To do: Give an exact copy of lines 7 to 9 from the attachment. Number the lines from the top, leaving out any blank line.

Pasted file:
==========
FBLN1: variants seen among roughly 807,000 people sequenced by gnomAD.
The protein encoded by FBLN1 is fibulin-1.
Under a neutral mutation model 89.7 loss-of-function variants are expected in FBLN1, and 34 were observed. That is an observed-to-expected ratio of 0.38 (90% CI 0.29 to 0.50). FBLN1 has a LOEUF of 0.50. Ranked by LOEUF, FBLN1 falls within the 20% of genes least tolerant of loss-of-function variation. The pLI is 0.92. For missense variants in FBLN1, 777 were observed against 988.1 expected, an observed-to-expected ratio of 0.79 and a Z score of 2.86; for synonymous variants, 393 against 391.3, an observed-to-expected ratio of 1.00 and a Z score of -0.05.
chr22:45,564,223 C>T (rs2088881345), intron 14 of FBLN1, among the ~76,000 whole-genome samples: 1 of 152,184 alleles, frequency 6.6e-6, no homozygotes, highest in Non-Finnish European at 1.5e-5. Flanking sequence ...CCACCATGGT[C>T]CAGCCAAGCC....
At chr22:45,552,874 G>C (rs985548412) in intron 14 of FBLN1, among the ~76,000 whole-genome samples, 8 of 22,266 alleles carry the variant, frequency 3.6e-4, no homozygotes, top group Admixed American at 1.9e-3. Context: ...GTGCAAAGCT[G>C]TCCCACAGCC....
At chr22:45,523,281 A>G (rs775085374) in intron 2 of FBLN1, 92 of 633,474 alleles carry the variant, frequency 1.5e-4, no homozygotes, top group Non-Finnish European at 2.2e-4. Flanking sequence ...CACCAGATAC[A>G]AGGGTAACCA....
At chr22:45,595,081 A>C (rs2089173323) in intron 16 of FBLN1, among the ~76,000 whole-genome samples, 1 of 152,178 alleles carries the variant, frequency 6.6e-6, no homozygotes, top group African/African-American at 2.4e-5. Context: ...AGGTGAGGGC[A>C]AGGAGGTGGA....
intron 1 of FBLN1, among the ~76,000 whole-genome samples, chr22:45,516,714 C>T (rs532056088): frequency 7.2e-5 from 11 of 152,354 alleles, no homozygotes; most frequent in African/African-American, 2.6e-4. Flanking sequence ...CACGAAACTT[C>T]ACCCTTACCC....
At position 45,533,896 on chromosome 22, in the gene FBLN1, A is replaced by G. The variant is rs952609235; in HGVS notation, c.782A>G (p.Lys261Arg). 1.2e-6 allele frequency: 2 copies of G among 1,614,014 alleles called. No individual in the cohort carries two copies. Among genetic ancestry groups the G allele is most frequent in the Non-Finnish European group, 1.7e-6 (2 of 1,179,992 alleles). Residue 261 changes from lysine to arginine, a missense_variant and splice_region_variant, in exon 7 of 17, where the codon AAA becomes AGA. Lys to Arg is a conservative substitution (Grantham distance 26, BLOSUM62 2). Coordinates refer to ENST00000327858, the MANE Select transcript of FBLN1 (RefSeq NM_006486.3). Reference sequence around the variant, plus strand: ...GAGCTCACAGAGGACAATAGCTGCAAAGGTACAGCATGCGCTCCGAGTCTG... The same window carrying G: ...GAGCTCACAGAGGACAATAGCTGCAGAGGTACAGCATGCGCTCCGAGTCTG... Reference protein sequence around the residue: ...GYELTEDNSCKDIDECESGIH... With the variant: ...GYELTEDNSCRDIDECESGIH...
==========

At chr22:45,595,081 A>C (rs2089173323) in intron 16 of FBLN1, among the ~76,000 whole-genome samples, 1 of 152,178 alleles carries the variant, frequency 6.6e-6, no homozygotes, top group African/African-American at 2.4e-5. Context: ...AGGTGAGGGC[A>C]AGGAGGTGGA....
intron 1 of FBLN1, among the ~76,000 whole-genome samples, chr22:45,516,714 C>T (rs532056088): frequency 7.2e-5 from 11 of 152,354 alleles, no homozygotes; most frequent in African/African-American, 2.6e-4. Flanking sequence ...CACGAAACTT[C>T]ACCCTTACCC....
At position 45,533,896 on chromosome 22, in the gene FBLN1, A is replaced by G. The variant is rs952609235; in HGVS notation, c.782A>G (p.Lys261Arg). 1.2e-6 allele frequency: 2 copies of G among 1,614,014 alleles called. No individual in the cohort carries two copies. Among genetic ancestry groups the G allele is most frequent in the Non-Finnish European group, 1.7e-6 (2 of 1,179,992 alleles). Residue 261 changes from lysine to arginine, a missense_variant and splice_region_variant, in exon 7 of 17, where the codon AAA becomes AGA. Lys to Arg is a conservative substitution (Grantham distance 26, BLOSUM62 2). Coordinates refer to ENST00000327858, the MANE Select transcript of FBLN1 (RefSeq NM_006486.3). Reference sequence around the variant, plus strand: ...GAGCTCACAGAGGACAATAGCTGCAAAGGTACAGCATGCGCTCCGAGTCTG... The same window carrying G: ...GAGCTCACAGAGGACAATAGCTGCAGAGGTACAGCATGCGCTCCGAGTCTG... Reference protein sequence around the residue: ...GYELTEDNSCKDIDECESGIH... With the variant: ...GYELTEDNSCRDIDECESGIH...